When I design systems, one of my favorite things is looking at "abuse cases" which define how they behave when confronted by bad actors.
I am a big fan of cryptocurrencies. They give us an opportunity to design systems which enforce and incentivize behaviors, e.g. removing risk and rewarding good behavior. It's important to recognize that these are new, unregulated markets, though, and some of the protections from bad actors that we expect aren't there unless we build them in.
A replacement for credit cards?
If we think of Bitcoin as simply being a decentralized replacement for credit cards, then we may forget the consumer protections which are built into the current credit card system.
If I am a merchant selling products from my online store, criminals can buy my products with a stolen credit card. When we charge the card, it looks good, and we ship the products. A month later the card holder gets their bill and disputes the transaction. We have to refund their money and take the loss, or we get in trouble with the credit card company and lose our ability to make sales.
From the merchant's perspective, one of the nice things about Bitcoin is that transactions are final. If there is fraud, where is my incentive to refund the money? This goes against consumer expectations and consumer protection laws.
There is a very interesting opportunity to rate vendors and consumers to deal with this situation, but it's not part of Bitcoin.
In most lotteries, the players are ok with the payouts not matching the inputs. Governments take advantage of this to fund various things, and, as my economist friend says, "lotteries are a way for the government to convert post-tax money into pre-tax money".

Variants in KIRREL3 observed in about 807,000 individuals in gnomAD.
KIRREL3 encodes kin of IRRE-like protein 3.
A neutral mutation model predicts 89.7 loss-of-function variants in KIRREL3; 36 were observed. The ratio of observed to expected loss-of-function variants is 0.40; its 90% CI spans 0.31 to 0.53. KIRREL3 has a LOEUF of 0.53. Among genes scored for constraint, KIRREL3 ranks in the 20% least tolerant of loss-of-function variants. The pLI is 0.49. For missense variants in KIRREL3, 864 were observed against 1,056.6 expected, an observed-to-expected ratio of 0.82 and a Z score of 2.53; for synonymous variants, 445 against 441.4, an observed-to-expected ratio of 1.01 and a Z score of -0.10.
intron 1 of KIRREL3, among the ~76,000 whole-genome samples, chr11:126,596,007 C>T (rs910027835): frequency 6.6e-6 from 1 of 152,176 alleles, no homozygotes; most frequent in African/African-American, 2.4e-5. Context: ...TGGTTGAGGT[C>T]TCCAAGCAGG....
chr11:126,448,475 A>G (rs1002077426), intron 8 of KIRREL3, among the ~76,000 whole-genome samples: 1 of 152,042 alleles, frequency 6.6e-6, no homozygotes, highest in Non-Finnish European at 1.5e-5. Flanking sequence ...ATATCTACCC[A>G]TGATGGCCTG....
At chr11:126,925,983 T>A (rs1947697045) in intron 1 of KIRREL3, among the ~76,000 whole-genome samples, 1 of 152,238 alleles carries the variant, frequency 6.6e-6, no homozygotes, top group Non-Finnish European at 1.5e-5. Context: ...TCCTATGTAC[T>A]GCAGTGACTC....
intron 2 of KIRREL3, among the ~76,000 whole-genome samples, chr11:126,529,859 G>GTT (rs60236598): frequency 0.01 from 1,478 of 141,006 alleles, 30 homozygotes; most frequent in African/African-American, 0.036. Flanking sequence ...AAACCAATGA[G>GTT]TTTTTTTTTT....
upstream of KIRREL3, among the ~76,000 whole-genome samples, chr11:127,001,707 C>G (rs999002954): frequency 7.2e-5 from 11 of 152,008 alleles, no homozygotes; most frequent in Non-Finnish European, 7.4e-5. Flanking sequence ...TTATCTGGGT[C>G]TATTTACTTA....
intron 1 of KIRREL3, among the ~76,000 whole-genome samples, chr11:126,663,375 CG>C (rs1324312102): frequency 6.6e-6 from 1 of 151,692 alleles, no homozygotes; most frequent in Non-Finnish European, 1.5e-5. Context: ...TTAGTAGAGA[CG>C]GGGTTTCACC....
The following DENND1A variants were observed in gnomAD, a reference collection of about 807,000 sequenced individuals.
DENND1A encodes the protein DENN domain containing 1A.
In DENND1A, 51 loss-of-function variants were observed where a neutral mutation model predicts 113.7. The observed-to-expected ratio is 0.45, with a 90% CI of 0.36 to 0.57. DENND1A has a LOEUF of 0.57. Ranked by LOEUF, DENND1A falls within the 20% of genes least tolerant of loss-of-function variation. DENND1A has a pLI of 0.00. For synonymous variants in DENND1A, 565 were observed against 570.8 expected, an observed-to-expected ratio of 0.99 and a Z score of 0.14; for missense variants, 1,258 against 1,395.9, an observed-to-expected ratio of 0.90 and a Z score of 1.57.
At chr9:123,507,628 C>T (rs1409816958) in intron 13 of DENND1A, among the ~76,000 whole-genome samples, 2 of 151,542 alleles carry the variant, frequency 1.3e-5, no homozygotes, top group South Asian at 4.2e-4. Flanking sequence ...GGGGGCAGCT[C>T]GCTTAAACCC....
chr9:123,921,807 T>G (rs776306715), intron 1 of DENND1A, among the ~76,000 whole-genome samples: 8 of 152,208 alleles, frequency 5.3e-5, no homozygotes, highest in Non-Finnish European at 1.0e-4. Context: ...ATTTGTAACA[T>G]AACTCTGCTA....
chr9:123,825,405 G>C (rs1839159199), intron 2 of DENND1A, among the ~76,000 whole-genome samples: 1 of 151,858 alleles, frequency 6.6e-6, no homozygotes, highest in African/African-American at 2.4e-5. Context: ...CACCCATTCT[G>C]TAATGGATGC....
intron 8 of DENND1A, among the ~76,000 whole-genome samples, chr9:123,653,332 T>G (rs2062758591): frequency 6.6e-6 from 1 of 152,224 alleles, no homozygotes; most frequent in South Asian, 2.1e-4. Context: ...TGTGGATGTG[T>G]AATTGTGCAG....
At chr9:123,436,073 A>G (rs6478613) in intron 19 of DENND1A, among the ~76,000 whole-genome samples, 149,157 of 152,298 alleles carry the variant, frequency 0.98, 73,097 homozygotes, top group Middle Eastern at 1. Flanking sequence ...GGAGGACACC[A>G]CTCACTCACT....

The winners are happy with this situation, as they get a windfall. Some people say that a lottery is a tax on people that can't do math, but even the losers gain something they value, the hope of winning.
Lotteries tend to be very heavily regulated due to abuse. In a legal lottery, there can be a complete accounting of the money going in and going out. It's actually a perfect application for a blockchain system.
Years ago there was no government lottery in Taiwan. Chinese people like to gamble, though, so the mob offered an underground lottery based on the Hong Kong government lottery. They sold tickets to Taiwanese customers, then when the Hong Kong lottery announced its winners, it would use their numbers and pay out.
There was no accountability in the first place for what percentage got paid out, and there was an interesting twist: if you won, then they would negotiate with you about how much you would actually receive. Getting out your winnings was a lot harder than putting in your money, but the people who won were still happy.
A gambling platform?
A company once contacted us for a quote on a website for online sports betting. We designed a system and gave them an estimate to build it. They said, however, that they had found an open source package that would do the job, written in PHP. We had a look at the code and found a lot of issues with accuracy, error handling, etc. I told them, but much to my surprise, they were unconcerned.
In a standard gambling system, the odds are a mathematical reflection of how people bet, e.g. 2:1 odds means that twice as many people are betting for one team to win compared to the other. The house makes their money by taking a percentage of the bids / payouts. In sports, though, it's common for people to bet for their home team whether or not they actually think it will win. So some gambling site operators take people's money but don't change the published odds. If people are being emotional, then they will bet on a losing team and the operator doesn't have to pay out. In this case, the accuracy of the system is less important to the operator.
There is an interesting opportunity for perfectly accountable gambling systems based on the blockchain.
A stock exchange?
Right now, I am wondering whether the current cryptocurrency exchanges look more like the gambling systems or lotteries described above than their regulated equivalents. What does a bad actor exchange look like? How could you tell?